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Davey, Randall (1887-1964)
H:11 x W:15

Born in East Orange, New Jersey, Randall Davey became an influential figure in early 20th century art including the art community of Santa Fe. He became a painter of portraits, still lifes, nude figures, and horse-racing genre, especially scenes of polo matches.

Davey studied architecture at Cornell University from 1905 to 1907, then left for New York City to attend Robert Henri's School of Painting and the Art Students League. He and Henri became good friends, and in 1910, traveled throughout Europe together.

In 1913, Davey was one of the exhibitors at the landmark Armory Show exhibition, where modern art was introduced on a large scale to the American public. In 1915, Davey took the National Academy of Design's Second Hallgarten Prize, and won honorable mention at the Panama-Pacific Exposition in San Francisco.

Davey married Florence Nicks Sittenham of New York on May 19, 1911. That summer Davey painted with Henri and Bellows on Monhegan Island, Maine. Soon after he was appointed assistant instructor in Henri's summer painting classes in Spain. In 1913, Randall and Florence had their first son, William. They divorced in 1930, and he was married to Isabel Holt in 1932.

Davey and fellow painter/friend John Sloan were both students of Robert Henri, who had encouraged them to visit New Mexico. They and their wives headed West from New York City in a Simplex open touring car for an extended trip in 1919. They intended to camp but spent most nights in hotels and said that the hardest part of the trip was "getting their wives out of the hotel in the morning." Upon arriving, the travelers fell in love with the surroundings, and the Daveys decided to settle in Santa Fe where the Daveys purchased an old mill outside of town and converted it into a studio.

Unlike many artists of his time in the West, Davey did not make a practice of painting Indians. A vast majority of his subjects were nudes, which he rendered in a bold, brightly colored, Post-Impressionist style. A lover of horses and horse racing, Davey often used them as subjects in his works and not always from the spectator's viewpoint. His goal in these paintings was to capture the "nervous excitement and intensity" of the racetrack experience. When he taught at the Broadmoor Art Academy in 1924, his salary was twice the standard rate because of his skill in the game of polo and his necessity to maintain a string of ponies and keep up with the social set that followed the sport.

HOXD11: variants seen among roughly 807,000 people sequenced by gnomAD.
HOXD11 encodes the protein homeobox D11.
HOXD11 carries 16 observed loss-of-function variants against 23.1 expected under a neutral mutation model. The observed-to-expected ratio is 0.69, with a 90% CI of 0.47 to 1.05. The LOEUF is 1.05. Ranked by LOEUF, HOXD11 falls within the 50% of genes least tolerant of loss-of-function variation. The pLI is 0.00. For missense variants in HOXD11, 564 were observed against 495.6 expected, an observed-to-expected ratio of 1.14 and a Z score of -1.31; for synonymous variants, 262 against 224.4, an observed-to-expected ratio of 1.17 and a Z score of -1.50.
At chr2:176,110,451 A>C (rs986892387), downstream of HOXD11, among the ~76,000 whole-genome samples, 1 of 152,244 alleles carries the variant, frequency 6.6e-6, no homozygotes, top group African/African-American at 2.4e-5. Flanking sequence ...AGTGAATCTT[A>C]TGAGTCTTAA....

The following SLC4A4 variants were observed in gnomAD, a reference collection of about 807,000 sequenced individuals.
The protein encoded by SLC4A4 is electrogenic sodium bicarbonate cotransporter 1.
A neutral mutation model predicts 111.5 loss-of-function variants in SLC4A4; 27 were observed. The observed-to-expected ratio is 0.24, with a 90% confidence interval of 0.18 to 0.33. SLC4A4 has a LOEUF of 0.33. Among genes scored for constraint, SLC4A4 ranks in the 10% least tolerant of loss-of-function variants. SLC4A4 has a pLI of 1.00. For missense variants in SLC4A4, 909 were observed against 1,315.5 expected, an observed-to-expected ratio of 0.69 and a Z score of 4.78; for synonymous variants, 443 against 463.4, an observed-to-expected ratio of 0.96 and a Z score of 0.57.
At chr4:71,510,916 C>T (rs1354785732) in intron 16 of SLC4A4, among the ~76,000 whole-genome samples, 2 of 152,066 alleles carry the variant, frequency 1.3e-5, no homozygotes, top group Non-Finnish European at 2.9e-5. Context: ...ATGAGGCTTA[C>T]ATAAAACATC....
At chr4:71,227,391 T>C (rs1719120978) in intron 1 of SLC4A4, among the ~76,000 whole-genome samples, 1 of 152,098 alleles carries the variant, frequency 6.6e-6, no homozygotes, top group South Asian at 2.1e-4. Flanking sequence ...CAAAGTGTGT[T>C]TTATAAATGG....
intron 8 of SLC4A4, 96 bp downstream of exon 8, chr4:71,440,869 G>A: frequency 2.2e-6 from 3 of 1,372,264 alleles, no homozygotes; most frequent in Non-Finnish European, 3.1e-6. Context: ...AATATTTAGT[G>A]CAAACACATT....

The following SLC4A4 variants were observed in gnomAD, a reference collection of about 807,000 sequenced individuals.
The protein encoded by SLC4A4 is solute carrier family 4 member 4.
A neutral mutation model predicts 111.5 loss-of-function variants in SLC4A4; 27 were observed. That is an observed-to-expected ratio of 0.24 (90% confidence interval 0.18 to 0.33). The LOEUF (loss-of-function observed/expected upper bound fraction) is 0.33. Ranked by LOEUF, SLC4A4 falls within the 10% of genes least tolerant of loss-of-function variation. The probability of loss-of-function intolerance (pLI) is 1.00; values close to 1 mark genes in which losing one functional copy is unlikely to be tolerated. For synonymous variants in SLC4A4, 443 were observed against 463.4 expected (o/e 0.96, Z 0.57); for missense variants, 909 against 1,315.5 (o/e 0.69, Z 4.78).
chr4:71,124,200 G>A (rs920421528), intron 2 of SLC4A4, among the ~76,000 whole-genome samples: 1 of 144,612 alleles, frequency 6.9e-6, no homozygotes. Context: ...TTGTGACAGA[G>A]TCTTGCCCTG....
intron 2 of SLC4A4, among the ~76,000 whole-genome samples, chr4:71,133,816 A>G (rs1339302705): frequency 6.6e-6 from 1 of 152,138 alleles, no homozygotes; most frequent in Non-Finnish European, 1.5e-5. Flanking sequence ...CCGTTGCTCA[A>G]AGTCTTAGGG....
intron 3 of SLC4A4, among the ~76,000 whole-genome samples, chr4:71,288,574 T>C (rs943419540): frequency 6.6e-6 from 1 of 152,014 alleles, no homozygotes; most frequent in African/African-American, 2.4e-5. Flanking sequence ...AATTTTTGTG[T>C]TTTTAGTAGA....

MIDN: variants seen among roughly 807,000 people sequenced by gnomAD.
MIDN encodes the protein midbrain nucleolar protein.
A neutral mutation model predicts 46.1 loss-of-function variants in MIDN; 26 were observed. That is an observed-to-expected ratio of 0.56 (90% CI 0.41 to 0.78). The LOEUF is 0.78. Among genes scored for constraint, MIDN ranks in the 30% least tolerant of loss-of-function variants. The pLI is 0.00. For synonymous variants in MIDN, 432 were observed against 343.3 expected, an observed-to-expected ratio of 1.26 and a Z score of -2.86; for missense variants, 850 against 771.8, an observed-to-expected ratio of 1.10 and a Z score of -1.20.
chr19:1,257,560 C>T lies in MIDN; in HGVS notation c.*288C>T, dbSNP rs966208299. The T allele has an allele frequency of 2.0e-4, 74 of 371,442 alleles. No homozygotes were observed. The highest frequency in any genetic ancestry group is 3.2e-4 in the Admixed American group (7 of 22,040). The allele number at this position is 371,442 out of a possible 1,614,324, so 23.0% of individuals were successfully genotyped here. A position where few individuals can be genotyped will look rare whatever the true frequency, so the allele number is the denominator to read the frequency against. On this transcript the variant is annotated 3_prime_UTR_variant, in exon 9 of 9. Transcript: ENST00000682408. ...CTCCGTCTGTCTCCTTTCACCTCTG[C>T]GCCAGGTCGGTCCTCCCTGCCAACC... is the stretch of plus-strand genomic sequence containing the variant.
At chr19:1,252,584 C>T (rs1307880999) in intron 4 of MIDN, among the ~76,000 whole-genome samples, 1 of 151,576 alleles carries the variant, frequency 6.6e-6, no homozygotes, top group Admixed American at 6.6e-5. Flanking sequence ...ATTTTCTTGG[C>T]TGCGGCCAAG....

During his career, Davey was also commissioned to do several murals, some of which are in the Will Rogers Memorial Shrine in Colorado Springs, Colorado.

Davey received many awards, including: second Julius Hallgarten Prize from National Academy of Design, for Young Woman in Brown, and Honorable Mention from Panama Pacific Exposition, for Lighthouse Keeper. In 1938 National Academician and Thomas B. Clarke American Figure Composition Prize, National Academy of Design, for Goose Hunters.

Randall Davey was a member of the National Academy of Design, National Association of Mural Painters, National Association of Portrait Painters, Board of Directors of Independent Artists, Taos Society of Artists, New Mexico Painters, and the Painter-Gravers Society.

In 1931, he was a member of the selection committee of the Broadmoor Art Academy, and served as a juror for the Carnegie International Exhibition, Pittsburgh, Pennsylvania. Also he served as juror for the Pennsylvania Academy of the Fine Arts, Philadelphia exhibition and in 1939 for The Corcoran Gallery of Art, Washington, D.C., Biennial Exhibition.

His work may be found in the Art Institute of Chicago; Corcoran Gallery of Art, Washington, D.C.; Cleveland Museum of Art; Delaware Art Institute, Wilmington; Detroit Institute of Arts; Kansas City Art Institute and School of Design, Missouri; Montclair Art Museum, New Jersey; Museum of New Mexico, Santa Fe; Nelson Gallery of Art, Atkins Museum of Fine Arts, Kansas City, Missouri; Whitney Museum of American Art, New York City; and the Will Rogers Memorial Shrine, Colorado Springs.

A noted art instructor, Davey held teaching positions at the School of Art, Art Institute of Chicago (1920), the Kansas City Art Institute (1921-1924), Broadmoor Art Academy, and at the University of New Mexico (1945-1956). Elected honorary member at the School of American Research, Santa Fe, New Mexico in 1957.

Davey died, at age 77, in a car accident in 1964, on the way to California.